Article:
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Parties and protests: Inauguration Day events follow divided election

Jessica Fuller • Jan 8, 2017 at 9:28 PM

After an eventful election cycle, the inauguration of President-elect Donald Trump will bring a mix of celebration and protests across the nation. 

Plans for Inauguration Day celebrations clash with equality marches after a divisive election that left some hopeful and some fearful. Some, like Ron Winter, will be celebrating the day with family as they look to a hopeful future as the new president is sworn in.

Winter, who lives in Elizabethton, said he will be meeting some of his family in Dublin, Virginia, for a celebratory dinner. He said celebrating Inauguration Day is not typical for his family, but felt that this time was an exception.

“I think his whole agenda is on the right road,” he said of Trump. Winter said he believes the change in leadership will bring back liberty and justice throughout the nation. “I think it'll be a welcome change.”

Kay White, East Tennessee chairwoman for the Trump campaign, said most Trump supporters she knows will be taking the day to celebrate at home. Winter said he thinks that Inauguration Day is difficult to celebrate all day for some people, so many choose to watch what they can at home through news stations.

“The thing is it's a relatively long day and sometimes you can see more from the media than you can if you're actually there,” he said.

Some aren’t as optimistic about the upcoming inauguration of the president-elect, though.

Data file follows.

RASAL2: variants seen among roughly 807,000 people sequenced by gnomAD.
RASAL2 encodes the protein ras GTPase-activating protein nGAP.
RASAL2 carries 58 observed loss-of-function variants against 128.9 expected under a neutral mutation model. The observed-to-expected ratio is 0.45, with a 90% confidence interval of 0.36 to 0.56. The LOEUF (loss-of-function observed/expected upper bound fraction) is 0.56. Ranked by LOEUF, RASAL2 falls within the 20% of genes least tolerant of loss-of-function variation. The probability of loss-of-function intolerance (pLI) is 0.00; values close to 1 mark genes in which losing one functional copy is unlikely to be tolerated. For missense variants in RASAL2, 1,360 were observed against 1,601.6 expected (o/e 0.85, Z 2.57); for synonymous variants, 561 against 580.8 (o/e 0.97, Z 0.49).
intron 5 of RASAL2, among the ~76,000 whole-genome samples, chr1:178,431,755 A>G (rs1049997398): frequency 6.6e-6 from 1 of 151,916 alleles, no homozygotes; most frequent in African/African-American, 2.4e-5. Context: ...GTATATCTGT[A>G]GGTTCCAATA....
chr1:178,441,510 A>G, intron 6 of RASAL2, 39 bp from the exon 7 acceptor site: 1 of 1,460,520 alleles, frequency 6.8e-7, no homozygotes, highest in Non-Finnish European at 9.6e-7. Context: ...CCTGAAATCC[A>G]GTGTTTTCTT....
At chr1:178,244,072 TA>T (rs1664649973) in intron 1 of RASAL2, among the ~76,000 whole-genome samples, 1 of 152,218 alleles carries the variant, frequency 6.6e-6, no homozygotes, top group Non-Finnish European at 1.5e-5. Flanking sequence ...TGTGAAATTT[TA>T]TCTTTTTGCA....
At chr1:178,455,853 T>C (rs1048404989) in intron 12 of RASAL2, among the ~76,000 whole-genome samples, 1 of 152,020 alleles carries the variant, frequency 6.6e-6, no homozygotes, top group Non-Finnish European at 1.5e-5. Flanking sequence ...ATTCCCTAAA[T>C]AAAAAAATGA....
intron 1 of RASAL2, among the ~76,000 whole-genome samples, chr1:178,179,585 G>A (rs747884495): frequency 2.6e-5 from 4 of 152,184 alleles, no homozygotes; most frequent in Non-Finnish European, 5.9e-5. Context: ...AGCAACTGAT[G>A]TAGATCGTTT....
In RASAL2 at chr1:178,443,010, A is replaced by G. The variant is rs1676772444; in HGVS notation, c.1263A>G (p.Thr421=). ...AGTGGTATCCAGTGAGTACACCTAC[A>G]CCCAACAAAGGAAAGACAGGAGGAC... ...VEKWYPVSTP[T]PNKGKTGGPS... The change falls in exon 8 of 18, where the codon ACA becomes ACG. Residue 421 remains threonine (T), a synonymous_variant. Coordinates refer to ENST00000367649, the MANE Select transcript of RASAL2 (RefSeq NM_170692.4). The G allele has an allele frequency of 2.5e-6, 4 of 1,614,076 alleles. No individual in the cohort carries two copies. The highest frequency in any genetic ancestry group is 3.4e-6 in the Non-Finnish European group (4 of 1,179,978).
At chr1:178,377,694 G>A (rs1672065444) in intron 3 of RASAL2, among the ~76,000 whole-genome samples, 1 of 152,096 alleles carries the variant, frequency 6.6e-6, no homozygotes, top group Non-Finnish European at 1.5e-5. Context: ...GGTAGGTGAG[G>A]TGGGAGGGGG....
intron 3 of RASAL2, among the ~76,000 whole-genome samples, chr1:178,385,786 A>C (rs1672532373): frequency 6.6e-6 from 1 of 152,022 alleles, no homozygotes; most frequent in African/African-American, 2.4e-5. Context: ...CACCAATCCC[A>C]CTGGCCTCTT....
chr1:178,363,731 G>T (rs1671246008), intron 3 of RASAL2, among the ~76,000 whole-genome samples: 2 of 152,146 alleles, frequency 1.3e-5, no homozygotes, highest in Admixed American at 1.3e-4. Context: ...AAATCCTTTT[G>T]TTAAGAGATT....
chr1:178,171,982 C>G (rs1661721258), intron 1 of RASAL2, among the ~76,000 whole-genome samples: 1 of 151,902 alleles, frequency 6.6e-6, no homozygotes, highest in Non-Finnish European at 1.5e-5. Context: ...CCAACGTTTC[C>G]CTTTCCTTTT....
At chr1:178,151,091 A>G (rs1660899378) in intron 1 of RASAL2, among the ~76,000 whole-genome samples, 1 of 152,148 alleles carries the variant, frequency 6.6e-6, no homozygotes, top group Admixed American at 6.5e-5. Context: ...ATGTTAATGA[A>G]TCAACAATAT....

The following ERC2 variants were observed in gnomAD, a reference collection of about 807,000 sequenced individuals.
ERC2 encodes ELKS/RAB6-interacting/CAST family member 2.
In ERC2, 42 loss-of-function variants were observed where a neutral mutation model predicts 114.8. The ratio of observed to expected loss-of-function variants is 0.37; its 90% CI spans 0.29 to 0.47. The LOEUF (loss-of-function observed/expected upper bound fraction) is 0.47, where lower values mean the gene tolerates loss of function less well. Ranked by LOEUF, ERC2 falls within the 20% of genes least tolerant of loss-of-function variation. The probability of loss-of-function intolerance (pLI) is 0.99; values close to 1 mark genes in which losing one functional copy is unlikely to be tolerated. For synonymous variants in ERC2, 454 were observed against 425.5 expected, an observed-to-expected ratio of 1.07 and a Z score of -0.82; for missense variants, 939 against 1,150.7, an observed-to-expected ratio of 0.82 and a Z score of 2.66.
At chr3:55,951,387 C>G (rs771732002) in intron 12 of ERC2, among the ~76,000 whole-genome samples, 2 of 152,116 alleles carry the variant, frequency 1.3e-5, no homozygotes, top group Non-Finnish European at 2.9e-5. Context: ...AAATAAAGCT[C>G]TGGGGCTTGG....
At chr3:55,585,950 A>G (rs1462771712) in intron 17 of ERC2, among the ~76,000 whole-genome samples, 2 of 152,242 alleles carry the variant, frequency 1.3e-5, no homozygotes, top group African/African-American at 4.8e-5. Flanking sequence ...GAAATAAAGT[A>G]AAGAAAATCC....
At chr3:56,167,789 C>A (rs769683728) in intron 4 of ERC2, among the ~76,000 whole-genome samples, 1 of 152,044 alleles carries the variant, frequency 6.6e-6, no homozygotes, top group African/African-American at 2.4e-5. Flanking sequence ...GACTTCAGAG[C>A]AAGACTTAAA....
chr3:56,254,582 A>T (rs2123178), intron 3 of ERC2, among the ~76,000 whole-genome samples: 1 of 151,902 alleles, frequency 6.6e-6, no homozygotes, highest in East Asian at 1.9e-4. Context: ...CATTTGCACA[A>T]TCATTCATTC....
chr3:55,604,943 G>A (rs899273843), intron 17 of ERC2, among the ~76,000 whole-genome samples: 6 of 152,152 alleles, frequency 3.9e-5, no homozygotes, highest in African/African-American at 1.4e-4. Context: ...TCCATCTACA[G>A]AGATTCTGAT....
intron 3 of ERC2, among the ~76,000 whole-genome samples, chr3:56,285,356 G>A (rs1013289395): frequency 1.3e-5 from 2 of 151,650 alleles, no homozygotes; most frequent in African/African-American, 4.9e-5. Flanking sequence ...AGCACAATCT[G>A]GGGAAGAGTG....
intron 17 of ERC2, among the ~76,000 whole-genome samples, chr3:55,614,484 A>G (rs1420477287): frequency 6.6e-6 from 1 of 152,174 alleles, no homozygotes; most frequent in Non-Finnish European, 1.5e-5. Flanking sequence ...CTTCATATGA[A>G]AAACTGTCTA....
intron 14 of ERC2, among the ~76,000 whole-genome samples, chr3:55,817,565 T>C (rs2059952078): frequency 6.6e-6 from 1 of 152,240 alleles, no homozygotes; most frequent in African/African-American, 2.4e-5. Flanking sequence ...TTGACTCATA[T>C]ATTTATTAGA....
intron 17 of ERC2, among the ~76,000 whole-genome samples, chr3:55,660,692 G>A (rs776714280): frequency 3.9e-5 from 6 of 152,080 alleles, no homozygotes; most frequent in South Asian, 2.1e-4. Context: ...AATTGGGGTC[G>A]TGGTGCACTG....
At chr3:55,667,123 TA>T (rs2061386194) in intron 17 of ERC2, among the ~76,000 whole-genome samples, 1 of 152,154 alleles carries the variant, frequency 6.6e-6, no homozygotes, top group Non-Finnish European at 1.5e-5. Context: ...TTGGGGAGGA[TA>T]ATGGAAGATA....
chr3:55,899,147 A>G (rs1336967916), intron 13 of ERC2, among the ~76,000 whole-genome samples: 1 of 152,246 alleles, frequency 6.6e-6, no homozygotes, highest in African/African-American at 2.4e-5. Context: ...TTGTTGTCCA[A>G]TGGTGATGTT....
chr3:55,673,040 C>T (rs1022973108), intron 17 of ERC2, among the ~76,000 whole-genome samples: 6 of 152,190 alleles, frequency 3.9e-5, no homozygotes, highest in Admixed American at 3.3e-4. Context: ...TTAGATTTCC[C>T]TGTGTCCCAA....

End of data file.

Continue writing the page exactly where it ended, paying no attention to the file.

Two buses leaving for Washington this weekend will carry dozens of marchers to the Women’s March on Washington on Jan 21, and more are expected to follow in their personal vehicles. A representative for the East Tennessee chapter of the march, who did not wish to be identified, said the group is not marching in protest of Trump, but marching in favor of preserving and expanding the hard-fought reproductive rights for women, the rights for LGBTQ+ people and preserving the rights of people of all religions, ethnicities and nationalities.

“We are arguing for our nation's continued history of increasing liberty, freedom and justice for all,” the representative said. “We believe that liberty should be expanded, not contracted — we are advocating for the continuation of that value.”

The buses leaving or stopping in Johnson City are full, the representative said, but at least 100 others are planning to ride separately to the march. And for those who can’t spare the day to trek to D.C., a local march and gathering on Main Street in Jonesborough will take place from noon until 5 p.m.

Local hatmaker Karen Moran nabbed a seat on a bus to D.C. shortly before tickets sold out. A retired midwife, Moran is a strong advocate for women’s rights so she will be marching among the droves of women who will fill Washington the day after the election.

“It's not just women's rights, it's everybody's rights,” she said. “We have a right to be led by somebody who is qualified with a good head on his shoulders and not a loose cannon.”

Moran also makes hats with her daughter for the Holston Mountain Hat Project and will be crafting as many hats as she can for the Pussyhat Project — a project to get as many bright pink hats on the heads of participants as possible for the march. Moran said she will make as many as she can in between making hats for her business, and will bring them with her to the march.

“I'm going up there for my granddaughter and grandson, all the women I've helped through the years, and my daughter, and I’m going up there for myself,” she said.

Email Jessica Fuller at [email protected]. Follow Jessica on Twitter @fullerjf91. Like her on Facebook at www.facebook.com/jfullerJCP.

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